NASHVILLE — A bill stripping Tennesseans of their ability to choose U.S. Senate nominees in party primaries and instead hand it over to state lawmakers has an even chance or better of passing, Republican state Senate Speaker Ron Ramsey says.
The bill, sponsored by state Sen. Frank Niceley, R-Strawberry Plains, comes up for a state Senate floor vote on Monday.
“If you’d asked me that in January, I’d have said no,” Ramsey told reporters this week. “If you ask me now, I think it’s at least 50/50.”
The bill would end Republican and Democratic U.S. Senate primaries and instead let respective caucuses in the state House and Senate decide. Voters still would decide the general election contest between the nominees.
Lawmakers can’t fiddle with the general election because states in 2013 ratified the 17th Amendment to the U.S. Constitution and stripped legislatures, which under the original Constitution picked senators.
Niceley says his legislation is intended to help restore the balance between federal power and state sovereignty that was intended by the nation’s founding fathers.
“Everyone agrees that Washington is broke,” Niceley told Senate State and Local Government Committee members this week. He said his bill will allow lawmakers to “pick a good man or a woman that we know can work with us. ... ”
He said the 17th Amendment was passed in a “mad rush” of Progressivism that also saw the establishment of a federal income tax and the Federal Reserve.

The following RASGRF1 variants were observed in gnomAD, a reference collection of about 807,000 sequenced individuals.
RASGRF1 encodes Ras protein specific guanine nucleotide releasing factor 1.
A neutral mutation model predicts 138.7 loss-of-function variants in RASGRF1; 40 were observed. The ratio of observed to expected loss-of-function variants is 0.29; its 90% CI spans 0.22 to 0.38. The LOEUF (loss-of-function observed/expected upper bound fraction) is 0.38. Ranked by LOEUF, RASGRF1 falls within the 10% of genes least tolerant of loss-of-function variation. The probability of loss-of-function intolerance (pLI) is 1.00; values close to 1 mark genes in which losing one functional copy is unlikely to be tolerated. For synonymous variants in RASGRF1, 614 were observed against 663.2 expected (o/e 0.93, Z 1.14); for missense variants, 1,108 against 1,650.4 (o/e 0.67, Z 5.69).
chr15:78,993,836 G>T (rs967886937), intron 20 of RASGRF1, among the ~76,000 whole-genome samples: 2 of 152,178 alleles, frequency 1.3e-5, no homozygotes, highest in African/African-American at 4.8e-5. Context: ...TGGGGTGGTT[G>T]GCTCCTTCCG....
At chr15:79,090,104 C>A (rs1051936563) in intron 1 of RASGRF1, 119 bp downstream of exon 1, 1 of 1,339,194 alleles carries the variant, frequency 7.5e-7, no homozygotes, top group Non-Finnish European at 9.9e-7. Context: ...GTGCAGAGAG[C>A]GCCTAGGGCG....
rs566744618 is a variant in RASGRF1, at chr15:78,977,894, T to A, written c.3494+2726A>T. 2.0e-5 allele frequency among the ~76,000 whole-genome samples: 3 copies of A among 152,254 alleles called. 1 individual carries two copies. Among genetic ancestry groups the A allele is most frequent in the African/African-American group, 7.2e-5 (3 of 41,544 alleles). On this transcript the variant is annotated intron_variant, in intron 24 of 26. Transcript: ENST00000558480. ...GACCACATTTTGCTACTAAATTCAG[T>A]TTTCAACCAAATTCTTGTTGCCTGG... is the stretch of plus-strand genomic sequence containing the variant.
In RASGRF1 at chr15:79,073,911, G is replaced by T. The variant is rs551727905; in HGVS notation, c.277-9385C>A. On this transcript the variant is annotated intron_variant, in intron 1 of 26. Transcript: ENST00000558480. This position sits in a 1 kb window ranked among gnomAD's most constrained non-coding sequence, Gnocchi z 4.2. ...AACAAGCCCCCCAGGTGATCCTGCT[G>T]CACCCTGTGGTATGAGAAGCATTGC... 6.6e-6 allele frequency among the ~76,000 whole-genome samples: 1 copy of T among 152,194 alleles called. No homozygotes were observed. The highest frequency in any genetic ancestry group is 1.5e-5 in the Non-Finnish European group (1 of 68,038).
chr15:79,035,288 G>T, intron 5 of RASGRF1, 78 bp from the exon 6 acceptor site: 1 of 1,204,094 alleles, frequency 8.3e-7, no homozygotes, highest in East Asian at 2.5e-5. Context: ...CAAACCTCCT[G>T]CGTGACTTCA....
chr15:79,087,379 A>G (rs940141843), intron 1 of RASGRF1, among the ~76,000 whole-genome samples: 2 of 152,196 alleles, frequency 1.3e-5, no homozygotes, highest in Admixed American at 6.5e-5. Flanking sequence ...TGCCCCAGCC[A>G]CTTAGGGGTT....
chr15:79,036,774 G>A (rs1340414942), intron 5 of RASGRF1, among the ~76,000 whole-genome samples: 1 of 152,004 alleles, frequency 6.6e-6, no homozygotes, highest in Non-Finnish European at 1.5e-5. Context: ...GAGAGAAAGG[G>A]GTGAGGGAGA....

States passed the 17th amendment in response to outcries over powerful special interests such as railroads “buying” legislatures’ votes in order to get senators of their liking.
In some states like Virginia, party nominations are settled not by voters but by party state executive committees or party conventions.
For complete details, see tomorrow’s Chattanooga Times Free Press.
Andy Sher is a Nashville-based staff writer covering Tennessee state government and politics for the Times Free Press. A Washington correspondent from 1999-2005 for the Times Free Press, Andy previously headed up state Capitol coverage for The Chattanooga Times, worked as a state Capitol reporter for The Nashville Banner and was a contributor to The Tennessee Journal, among other publications. Andy worked for 17 years at The Chattanooga Times covering police, health care, county government, ...